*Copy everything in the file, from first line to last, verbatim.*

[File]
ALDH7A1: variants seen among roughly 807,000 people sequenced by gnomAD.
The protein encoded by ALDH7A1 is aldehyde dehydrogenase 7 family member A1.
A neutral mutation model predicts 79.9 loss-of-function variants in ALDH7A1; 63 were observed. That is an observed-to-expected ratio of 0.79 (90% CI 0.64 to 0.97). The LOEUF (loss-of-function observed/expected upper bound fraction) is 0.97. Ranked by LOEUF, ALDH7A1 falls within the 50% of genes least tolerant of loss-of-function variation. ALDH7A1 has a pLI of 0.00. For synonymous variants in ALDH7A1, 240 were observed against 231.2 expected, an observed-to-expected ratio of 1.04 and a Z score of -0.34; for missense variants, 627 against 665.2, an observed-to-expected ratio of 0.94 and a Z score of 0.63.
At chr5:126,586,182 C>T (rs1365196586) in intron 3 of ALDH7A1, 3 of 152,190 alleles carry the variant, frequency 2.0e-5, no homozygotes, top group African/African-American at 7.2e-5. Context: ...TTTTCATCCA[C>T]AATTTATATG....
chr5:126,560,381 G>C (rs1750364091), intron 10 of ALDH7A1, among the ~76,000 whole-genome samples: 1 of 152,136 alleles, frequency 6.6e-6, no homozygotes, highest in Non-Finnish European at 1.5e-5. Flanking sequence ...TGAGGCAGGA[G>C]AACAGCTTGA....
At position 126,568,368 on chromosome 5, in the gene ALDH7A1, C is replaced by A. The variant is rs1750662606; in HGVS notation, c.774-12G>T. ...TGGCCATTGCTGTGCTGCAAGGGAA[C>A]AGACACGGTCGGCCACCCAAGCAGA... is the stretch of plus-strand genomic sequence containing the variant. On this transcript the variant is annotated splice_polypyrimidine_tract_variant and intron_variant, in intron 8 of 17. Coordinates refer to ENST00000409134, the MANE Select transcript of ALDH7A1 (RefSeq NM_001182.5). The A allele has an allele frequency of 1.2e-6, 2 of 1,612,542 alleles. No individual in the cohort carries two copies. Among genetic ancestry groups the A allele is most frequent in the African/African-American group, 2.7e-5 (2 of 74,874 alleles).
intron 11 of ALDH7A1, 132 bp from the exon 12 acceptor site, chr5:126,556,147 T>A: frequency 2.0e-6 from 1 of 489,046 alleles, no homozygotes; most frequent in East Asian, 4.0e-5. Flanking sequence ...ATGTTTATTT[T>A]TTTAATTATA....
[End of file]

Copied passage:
ALDH7A1: variants seen among roughly 807,000 people sequenced by gnomAD.
The protein encoded by ALDH7A1 is aldehyde dehydrogenase 7 family member A1.
A neutral mutation model predicts 79.9 loss-of-function variants in ALDH7A1; 63 were observed. That is an observed-to-expected ratio of 0.79 (90% CI 0.64 to 0.97). The LOEUF (loss-of-function observed/expected upper bound fraction) is 0.97. Ranked by LOEUF, ALDH7A1 falls within the 50% of genes least tolerant of loss-of-function variation. ALDH7A1 has a pLI of 0.00. For synonymous variants in ALDH7A1, 240 were observed against 231.2 expected, an observed-to-expected ratio of 1.04 and a Z score of -0.34; for missense variants, 627 against 665.2, an observed-to-expected ratio of 0.94 and a Z score of 0.63.
At chr5:126,586,182 C>T (rs1365196586) in intron 3 of ALDH7A1, 3 of 152,190 alleles carry the variant, frequency 2.0e-5, no homozygotes, top group African/African-American at 7.2e-5. Context: ...TTTTCATCCA[C>T]AATTTATATG....
chr5:126,560,381 G>C (rs1750364091), intron 10 of ALDH7A1, among the ~76,000 whole-genome samples: 1 of 152,136 alleles, frequency 6.6e-6, no homozygotes, highest in Non-Finnish European at 1.5e-5. Flanking sequence ...TGAGGCAGGA[G>C]AACAGCTTGA....
At position 126,568,368 on chromosome 5, in the gene ALDH7A1, C is replaced by A. The variant is rs1750662606; in HGVS notation, c.774-12G>T. ...TGGCCATTGCTGTGCTGCAAGGGAA[C>A]AGACACGGTCGGCCACCCAAGCAGA... is the stretch of plus-strand genomic sequence containing the variant. On this transcript the variant is annotated splice_polypyrimidine_tract_variant and intron_variant, in intron 8 of 17. Coordinates refer to ENST00000409134, the MANE Select transcript of ALDH7A1 (RefSeq NM_001182.5). The A allele has an allele frequency of 1.2e-6, 2 of 1,612,542 alleles. No individual in the cohort carries two copies. Among genetic ancestry groups the A allele is most frequent in the African/African-American group, 2.7e-5 (2 of 74,874 alleles).
intron 11 of ALDH7A1, 132 bp from the exon 12 acceptor site, chr5:126,556,147 T>A: frequency 2.0e-6 from 1 of 489,046 alleles, no homozygotes; most frequent in East Asian, 4.0e-5. Flanking sequence ...ATGTTTATTT[T>A]TTTAATTATA....